Although I have a soft spot for manly men, there are some traits that usually come along with them that irritate me. Staring around at all the mens shoes in my lecture that are lacking laces, I get caught up thinking about my frustrations with my own gender. Just because some men have laces, doesn’t mean they know what to do with them.

“I’m not judging you,” I said through my partially gritted teeth to a boy as I pulled his size 11 foot to my knee. I felt the embarrassment in his body as he shakingly balanced himself in a position for me to tie his laces, as he had just heartfeltly admitted to not being able to tie his own shoes correctly. At that point, I could overlook just about anything, and most of the time not think anything of it, but this was a real ick. I narrowed my face in discomfort from being snapped back to reality. I asked him why nobody ever taught him, and he could not find an answer. Somehow this boy had gotten through his childhood and teen years without knowing how to tie his own shoes. As long as I knew him, I found myself drawing up his foot in public like a mother, and tying his laces. After so long, I stopped noticing myself and my own embarrassment doing it, but rather other people doing it too.


I still see it, almost daily. If you go to the student center during rush times, you are sure to see some boy standing there a little embarrassed as his girlfriend makes bunny ears on his Nikes. 

Here’s the kicker, they’re adapting. Of course, slip on boots have existed for quite some time, but I don’t know if you have heard of the brand “Hey Dude.” This shoe brand started in 2008 and originally carried only mens shoes. They are made of sustainable materials, they’re comfortable, and the most important aspect about them is that they don’t tie. All you have to do when you own these shoes is slip them on, at most hook your finger in the back to get it around your heel. They sound like a dream for anyone on the go, but they also sound like a good way for a man to get through life without ever having to worry about remembering how to tie his shoes.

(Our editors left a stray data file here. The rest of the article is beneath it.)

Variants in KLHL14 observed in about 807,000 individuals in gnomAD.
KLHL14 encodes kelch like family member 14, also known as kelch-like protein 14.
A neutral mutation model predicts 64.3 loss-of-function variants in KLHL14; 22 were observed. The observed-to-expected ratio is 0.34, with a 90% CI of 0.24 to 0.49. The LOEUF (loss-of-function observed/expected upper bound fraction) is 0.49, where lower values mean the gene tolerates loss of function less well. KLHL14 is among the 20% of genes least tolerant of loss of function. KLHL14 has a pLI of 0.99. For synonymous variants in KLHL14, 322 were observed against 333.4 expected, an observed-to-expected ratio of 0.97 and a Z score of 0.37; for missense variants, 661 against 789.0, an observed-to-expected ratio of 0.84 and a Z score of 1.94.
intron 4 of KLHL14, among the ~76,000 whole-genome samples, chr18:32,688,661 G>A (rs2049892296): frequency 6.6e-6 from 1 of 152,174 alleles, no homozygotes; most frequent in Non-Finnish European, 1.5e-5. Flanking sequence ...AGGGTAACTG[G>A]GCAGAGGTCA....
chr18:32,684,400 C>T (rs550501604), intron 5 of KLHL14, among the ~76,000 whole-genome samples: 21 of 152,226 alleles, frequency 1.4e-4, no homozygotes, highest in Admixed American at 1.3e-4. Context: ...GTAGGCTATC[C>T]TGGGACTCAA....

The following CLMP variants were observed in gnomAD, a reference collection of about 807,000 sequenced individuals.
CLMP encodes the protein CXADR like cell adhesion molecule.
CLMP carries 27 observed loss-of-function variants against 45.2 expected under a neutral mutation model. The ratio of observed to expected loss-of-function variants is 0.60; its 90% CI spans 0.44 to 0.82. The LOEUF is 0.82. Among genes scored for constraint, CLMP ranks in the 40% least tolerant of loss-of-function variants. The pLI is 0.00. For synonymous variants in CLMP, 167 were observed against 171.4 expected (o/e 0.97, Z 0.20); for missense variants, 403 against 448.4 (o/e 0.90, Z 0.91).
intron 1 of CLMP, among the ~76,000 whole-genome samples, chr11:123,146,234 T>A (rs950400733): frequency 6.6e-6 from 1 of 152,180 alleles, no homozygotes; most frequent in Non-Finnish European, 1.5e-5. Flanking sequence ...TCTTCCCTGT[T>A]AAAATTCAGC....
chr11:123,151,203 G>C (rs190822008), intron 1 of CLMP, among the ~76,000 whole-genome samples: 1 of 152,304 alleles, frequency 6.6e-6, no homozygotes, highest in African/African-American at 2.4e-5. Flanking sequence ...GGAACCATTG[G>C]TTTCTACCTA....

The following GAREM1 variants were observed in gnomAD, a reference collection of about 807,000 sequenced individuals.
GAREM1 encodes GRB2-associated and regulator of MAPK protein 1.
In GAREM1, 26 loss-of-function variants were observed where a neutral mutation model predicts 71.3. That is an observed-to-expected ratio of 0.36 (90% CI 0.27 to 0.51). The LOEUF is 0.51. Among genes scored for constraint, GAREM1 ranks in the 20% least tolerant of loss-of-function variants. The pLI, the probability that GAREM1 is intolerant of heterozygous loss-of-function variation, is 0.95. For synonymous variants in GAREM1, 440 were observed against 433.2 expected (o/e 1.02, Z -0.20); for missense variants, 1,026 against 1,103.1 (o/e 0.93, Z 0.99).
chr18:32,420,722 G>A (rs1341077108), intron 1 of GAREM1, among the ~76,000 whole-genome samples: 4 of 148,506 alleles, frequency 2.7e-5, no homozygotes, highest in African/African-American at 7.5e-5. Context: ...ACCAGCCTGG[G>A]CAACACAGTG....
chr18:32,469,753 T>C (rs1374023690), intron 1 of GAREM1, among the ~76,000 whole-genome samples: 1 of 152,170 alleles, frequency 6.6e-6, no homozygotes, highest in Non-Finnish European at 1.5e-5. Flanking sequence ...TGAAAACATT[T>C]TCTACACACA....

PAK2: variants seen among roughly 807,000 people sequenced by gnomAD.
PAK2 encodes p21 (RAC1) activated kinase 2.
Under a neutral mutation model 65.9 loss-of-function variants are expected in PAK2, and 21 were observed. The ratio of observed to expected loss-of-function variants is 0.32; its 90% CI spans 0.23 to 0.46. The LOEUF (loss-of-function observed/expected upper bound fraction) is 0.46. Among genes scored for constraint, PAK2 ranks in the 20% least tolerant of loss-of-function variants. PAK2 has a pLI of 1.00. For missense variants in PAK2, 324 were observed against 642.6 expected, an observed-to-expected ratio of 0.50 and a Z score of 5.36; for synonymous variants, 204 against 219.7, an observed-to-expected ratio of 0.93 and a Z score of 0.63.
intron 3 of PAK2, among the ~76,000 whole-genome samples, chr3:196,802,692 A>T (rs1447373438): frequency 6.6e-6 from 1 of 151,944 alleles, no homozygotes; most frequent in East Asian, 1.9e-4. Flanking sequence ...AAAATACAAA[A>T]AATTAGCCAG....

“Men’s clothing” (and I use quotes because can we actually define a piece of clothing by gender?) is always designed in this leisurely manner. The pockets are always deeper, the denim is always sturdier, and somehow there is much better quality. For the crowd that I don’t think would genuinely care about quality clothing, the industry sure puts in a whole lot more effort than they do for any standard women’s garment. Take it from me, who has a fine collection of both genders’ garments, my men’s clothing is always a better quality, and almost every girl knows that too. So many women know better than to buy that overpriced but cheaply made stuff that they call women’s clothing, and to go get their jeans and T-shirts from the mens department. 

Now, I want to address the other men who might be reading this: acknowledge your privilege. 

I want you to remember every time that you pull up your Levi jeans over your butt that those jeans have pockets that are functional, they more than likely will not rip from basic human movements, and they were specifically designed to be easy for you. I want you to look at every piece of clothing you own and inspect it, think about how it evolved to get to where it is today. Do these statements make you feel uncomfortable? Are you too macho to care? Can you even tie your shoes?